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Ex-CBA boss to head major financial inquiry

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Australian Broker | 21 Nov 2013, 08:15 AM Agree 0
A former CBA chief executive will lead the most significant inquiry into Australia's financial system in sixteen years.
  • dpathle | 21 Nov 2013, 09:25 AM Agree 0
    I'm picturing David Murray as Luke Skywalker and the bankers as Darth Vader. "David ol' buddy ol' pal, it's been a while, come on in and take a seat and listen to what we have to tell you about how our industry should be run". Be strong David and I hope the force is with you, because ASIC and APRA have not been managing the dark forces very well over the years.
  • Keith of the West | 21 Nov 2013, 10:31 AM Agree 0
    What a waste of tax payer money!. WHat will it achieve?

    During the GFC our banks stood tall while others worldwide collapsed ~ please are there not more important issues?
  • Aarong | 21 Nov 2013, 10:40 AM Agree 0
    I can save millions (hundreds of millions?). Just scrap the NCCP and go back to the previous system that was the only one strong enough to weather the GFC. No need to copy anyone else, they should recopying what we did back then.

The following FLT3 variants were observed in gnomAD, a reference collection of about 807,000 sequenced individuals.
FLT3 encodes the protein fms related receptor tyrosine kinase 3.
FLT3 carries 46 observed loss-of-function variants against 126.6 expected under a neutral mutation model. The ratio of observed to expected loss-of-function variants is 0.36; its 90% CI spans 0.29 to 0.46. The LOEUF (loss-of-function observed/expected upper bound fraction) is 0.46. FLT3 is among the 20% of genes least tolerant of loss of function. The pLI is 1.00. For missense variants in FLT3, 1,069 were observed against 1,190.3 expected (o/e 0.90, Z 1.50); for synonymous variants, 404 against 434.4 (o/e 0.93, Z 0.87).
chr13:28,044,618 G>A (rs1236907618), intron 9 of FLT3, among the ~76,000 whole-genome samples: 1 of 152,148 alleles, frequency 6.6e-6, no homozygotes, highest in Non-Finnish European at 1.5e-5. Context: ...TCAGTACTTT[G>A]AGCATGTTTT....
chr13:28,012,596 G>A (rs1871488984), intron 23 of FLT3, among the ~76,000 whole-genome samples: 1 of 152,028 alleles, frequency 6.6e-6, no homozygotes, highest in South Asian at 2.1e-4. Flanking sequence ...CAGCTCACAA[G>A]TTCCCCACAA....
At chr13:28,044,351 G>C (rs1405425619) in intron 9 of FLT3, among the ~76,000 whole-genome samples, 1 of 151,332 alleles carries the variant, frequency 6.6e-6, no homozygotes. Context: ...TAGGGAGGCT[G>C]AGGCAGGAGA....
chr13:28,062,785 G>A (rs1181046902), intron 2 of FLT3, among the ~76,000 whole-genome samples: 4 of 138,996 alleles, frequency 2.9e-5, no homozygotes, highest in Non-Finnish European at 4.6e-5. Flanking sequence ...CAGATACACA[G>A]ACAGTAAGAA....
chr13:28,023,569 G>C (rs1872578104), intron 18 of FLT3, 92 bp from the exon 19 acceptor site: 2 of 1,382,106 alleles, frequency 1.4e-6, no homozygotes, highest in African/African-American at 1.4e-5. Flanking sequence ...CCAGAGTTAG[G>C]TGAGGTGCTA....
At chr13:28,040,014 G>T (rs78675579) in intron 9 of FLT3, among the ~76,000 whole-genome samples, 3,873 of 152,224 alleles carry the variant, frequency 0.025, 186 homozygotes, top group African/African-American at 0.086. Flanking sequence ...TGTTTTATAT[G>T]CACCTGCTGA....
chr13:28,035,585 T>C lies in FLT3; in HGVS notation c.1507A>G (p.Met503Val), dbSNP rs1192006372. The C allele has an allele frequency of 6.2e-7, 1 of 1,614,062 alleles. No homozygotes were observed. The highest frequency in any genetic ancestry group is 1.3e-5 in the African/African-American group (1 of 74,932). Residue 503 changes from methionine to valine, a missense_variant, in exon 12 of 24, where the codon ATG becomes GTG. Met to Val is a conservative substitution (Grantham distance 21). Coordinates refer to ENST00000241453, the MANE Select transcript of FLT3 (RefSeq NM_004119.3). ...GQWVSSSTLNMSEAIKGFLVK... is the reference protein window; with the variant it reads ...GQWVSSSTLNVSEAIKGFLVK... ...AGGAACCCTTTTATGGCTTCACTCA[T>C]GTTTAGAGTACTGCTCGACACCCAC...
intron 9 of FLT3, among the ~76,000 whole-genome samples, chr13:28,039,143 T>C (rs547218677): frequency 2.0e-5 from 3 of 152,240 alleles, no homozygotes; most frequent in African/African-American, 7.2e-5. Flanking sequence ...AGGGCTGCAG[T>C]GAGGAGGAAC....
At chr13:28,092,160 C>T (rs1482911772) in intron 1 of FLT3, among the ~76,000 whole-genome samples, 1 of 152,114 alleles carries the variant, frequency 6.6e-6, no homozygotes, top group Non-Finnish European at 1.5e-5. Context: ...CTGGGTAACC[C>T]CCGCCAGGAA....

• mac | 21 Nov 2013, 01:43 PM Agree 0
    Doesn't seem like the most impartial head to me but I don't know him?
  • Really? | 21 Nov 2013, 04:26 PM Agree 0
    Pick a Banker to run a Bank competition review? I saw this done on a "Yes Minister" TV show. The outcome was assured.
  • North Sydney Broker | 21 Nov 2013, 05:36 PM Agree 0
    Does anyone really think the NCCP is doing what it says it would? I missed the old days... besides, look at all the M&As and the exit fee ban, competition? tell me about it.
  • Broker | 21 Nov 2013, 06:05 PM Agree 0
    Hope he finds NCCP to be the croc that it is!
  • Bill Hawil | 24 Nov 2013, 06:14 PM Agree 0
    Extract from:
    The great Australian superannuation fraud
    By Alex Messenger
    16 August 2010
    Moreover, fund managers receive these huge salaries regardless of whether their investment decisions increase or reduce workers savings over the course of a given year. Their pay is calculated not on return rates, but on the size of funds under management. Because 9 percent of workers’ wages will roll into the share market regardless of market performance, management salaries are guaranteed. Further, as the ABC pointed out, the vast bulk of the $1.17 trillion super pool is made up of contributions, not of returns on investments. Contributions have been boosted by a series of tax concessions engineered to make superannuation a superficially attractive investment for higher income workers. Prior to the eruption of the global financial crisis in 2007-08, tax incentives introduced by the Howard Coalition government caused a sudden exodus of household assets into super funds. Some $381 billion, about a third of the total $1.17 trillion super pool, was added in the years 2005 to 2007.
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